The study wasn’t a controlled experiment designed to prove whether or how activity levels might directly influence mortality rates after a heart attack.

Another limitation is that it only asked how many days each week people got at least 30 minutes of physical activity; this doesn’t help assess which types of exercise, or how much, might be ideal.

“However, based on the available literature to date, it seems like even low levels of physical activity even below the current recommendations relate to improved survival,” said Trine Moholdt of the Norwegian University of Science and Technology.

While patients should check with their physicians before starting a new exercise routine, it’s likely that there would be good options for people at almost any fitness level, Moholdt, who wasn’t involved in the study, said by email.

“Exercise is safe and being sedentary is far more dangerous,” Moholdt said.

Source: Reuters


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How Exercise Reduces Belly Fat in Humans

Some of you may have made a New Year’s resolution to hit the gym to tackle that annoying belly fat. But have you ever wondered how physical activity produces this desired effect? A signaling molecule called interleukin-6 plays a critical role in this process, researchers report December 27 in the journal Cell Metabolism.

As expected, a 12-week intervention consisting of bicycle exercise decreased visceral abdominal fat in obese adults. But remarkably, this effect was abolished in participants who were also treated with tocilizumab, a drug that blocks interleukin-6 signaling and is currently approved for the treatment of rheumatoid arthritis. Moreover, tocilizumab treatment increased cholesterol levels regardless of physical activity.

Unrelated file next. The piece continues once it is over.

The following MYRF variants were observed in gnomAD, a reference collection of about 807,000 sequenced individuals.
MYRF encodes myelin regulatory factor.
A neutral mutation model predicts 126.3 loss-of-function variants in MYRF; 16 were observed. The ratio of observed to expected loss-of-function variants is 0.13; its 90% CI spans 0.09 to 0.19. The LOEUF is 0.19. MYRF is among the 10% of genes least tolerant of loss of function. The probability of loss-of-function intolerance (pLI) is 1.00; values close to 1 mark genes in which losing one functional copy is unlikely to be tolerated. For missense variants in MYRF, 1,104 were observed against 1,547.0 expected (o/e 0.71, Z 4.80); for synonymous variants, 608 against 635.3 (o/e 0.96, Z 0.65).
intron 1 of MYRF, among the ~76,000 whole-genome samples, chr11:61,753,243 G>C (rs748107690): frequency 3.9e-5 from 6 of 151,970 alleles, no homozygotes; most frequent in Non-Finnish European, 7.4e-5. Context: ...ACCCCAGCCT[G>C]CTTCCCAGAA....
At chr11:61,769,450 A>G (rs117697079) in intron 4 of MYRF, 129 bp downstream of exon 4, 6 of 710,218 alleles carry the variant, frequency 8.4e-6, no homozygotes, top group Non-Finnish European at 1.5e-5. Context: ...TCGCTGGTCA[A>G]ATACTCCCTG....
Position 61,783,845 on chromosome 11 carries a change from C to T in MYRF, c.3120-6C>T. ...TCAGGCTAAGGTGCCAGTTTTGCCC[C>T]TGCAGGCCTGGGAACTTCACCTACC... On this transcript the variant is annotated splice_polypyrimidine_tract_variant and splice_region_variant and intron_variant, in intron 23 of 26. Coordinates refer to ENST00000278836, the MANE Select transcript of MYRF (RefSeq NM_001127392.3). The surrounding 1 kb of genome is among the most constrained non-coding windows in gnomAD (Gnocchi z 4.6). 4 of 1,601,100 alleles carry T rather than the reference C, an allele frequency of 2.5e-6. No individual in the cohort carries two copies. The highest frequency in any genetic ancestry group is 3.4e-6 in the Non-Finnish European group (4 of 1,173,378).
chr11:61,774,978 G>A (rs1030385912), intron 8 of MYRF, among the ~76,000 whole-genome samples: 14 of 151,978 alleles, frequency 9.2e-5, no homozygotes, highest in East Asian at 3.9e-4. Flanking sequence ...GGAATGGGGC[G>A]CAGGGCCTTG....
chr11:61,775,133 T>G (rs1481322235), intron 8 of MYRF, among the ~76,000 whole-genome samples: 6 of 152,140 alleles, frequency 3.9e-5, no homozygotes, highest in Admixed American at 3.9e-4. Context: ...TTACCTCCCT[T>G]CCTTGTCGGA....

“The take home for the general audience is ‘do exercise,'” says first author Anne-Sophie Wedell-Neergaard of the University of Copenhagen. “We all know that exercise promotes better health, and now we also know that regular exercise training reduces abdominal fat mass and thereby potentially also the risk of developing cardio-metabolic diseases.”

Abdominal fat is associated with an increased risk of not only cardio-metabolic disease, but also cancer, dementia, and all-cause mortality. Physical activity reduces visceral fat tissue, which surrounds internal organs in the abdominal cavity, but the underlying mechanisms have not been clear. Some researchers have proposed that a “fight-or-flight” hormone called epinephrine mediates this effect. But Wedell-Neergaard and co-senior study author Helga Ellingsgaard of the University of Copenhagen suspected that interleukin-6 could also play an important role because it regulates energy metabolism, stimulates the breakdown of fats in healthy people, and is released from skeletal muscle during exercise.